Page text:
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The European Commission promises robust energy union governance

The European Commission will follow up on progress made on the EU’s energy union strategy annually, European Commission vice president Maroš Šefčovič said infront of Parliament on the 25th of February. Mr Šefčovič said he would start developing “a robust governance framework”, adding that the first ‘state of the energy union’ report would be presented before the end of this year. Mr. Šefčovič, who is in charge of the energy union, said the eagerly awaited strategy was “the most ambitious European energy project since the Coal and Steel Community”. It includes a wide variety of initiatives promising to kick-start a transition to a low-carbon energy system, to create an interconnected EU energy market and strengthen the EU’s position vis-à-vis external energy suppliers. But the impact of the energy union remains to be seen once more concrete proposals are tabled. The EU treaty enshrines member states’ power to control their own energy mixes, which limits the Commission’s power to encourage, or force, change. Climate and energy commissioner Miguel Arias Cañete insisted that no treaty change to shift powers to the EU institutions would be required to meet the objectives of the energy union. But the Commission is seeking to enhance the powers of the European agency of energy regulators, ACER, to boost energy market regulation at EU level.

Mr Šefčovič argued that the strategy would put energy efficiency first and make it an “energy source in its own right”. But this could prove a tall order for the proposed revision of existing efficiency legislation and efforts to improve access to financing for energy efficiency projects to deliver.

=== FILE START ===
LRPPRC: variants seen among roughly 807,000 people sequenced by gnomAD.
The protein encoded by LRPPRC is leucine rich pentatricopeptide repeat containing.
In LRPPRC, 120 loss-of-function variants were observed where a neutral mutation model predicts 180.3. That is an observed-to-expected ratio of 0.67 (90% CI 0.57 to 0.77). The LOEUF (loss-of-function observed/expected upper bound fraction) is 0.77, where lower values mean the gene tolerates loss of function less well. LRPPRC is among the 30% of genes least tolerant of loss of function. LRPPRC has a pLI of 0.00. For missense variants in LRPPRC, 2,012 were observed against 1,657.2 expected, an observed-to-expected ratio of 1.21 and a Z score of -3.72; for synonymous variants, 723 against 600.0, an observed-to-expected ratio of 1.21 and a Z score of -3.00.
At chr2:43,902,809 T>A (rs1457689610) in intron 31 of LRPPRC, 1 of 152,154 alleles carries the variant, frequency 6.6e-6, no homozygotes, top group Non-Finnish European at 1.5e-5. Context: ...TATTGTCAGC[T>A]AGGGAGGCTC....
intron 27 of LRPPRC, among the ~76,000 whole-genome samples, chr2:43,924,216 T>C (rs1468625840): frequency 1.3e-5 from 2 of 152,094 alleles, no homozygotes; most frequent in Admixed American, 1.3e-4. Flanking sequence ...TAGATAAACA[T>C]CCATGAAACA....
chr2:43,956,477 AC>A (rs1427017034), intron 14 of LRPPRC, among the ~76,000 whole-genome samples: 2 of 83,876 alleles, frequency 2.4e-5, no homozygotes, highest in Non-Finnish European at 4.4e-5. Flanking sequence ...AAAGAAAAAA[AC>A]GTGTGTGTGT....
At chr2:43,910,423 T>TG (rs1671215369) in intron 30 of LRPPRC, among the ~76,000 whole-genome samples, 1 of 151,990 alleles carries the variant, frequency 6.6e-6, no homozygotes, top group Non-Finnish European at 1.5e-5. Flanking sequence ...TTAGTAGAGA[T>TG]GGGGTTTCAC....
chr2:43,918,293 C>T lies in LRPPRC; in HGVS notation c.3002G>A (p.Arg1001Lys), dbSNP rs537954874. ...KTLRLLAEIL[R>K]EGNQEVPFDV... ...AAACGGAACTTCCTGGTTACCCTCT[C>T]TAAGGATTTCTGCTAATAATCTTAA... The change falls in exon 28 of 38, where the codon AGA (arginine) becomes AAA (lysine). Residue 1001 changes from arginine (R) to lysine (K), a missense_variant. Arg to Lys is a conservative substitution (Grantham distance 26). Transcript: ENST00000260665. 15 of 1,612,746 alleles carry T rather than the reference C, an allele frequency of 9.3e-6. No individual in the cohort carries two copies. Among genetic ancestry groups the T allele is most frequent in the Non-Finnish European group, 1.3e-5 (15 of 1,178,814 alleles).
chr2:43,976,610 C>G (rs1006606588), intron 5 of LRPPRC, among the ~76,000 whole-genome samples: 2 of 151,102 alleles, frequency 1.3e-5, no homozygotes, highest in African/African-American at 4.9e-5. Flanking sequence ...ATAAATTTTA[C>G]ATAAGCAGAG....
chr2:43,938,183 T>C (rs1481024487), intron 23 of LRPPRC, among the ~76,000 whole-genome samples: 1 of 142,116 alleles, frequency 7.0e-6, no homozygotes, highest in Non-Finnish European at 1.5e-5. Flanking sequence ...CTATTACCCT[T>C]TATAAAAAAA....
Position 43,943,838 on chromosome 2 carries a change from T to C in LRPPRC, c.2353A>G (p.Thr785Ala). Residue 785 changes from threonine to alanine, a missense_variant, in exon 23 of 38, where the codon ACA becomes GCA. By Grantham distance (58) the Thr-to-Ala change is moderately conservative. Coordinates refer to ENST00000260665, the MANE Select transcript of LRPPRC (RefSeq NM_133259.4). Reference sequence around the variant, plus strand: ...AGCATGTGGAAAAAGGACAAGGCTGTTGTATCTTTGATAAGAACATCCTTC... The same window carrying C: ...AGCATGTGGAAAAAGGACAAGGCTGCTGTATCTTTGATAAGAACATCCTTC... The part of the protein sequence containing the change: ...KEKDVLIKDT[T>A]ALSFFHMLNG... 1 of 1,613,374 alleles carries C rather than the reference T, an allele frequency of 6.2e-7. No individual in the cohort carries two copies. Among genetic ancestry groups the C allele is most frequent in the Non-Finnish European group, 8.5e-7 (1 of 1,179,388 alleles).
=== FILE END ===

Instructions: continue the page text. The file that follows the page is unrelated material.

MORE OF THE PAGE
A more innovative idea is the new electricity market design, which is to promote demand side management to allow energy efficiency to compete with other fuel sources in the market and facilitate the integration of renewable energy.

Green think tank E3G said the approach presents a welcome shift but now needs substance behind the principles. Insulation manufacturers’ lobby Eurima pointed out that the Commission’s commitments to funding building renovations need to be followed by clear criteria to ensure funds are allocated to appropriate projects such as deep renovations.

Environmentalists criticised the plan for undermining any initiatives towards a more sustainable energy system with an external energy policy dimension that includes a major drive for new gas infrastructure and partnerships with fossil fuel suppliers.

“The Commission says the EU should move away from fossil fuels but it also wants to chase after new gas supplies and doesn’t rule out coal,” said Greenpeace’s Tara Connolly, adding that Europe instead needs a “joined-up plan if it’s going to play its part against climate change”.

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Issue 40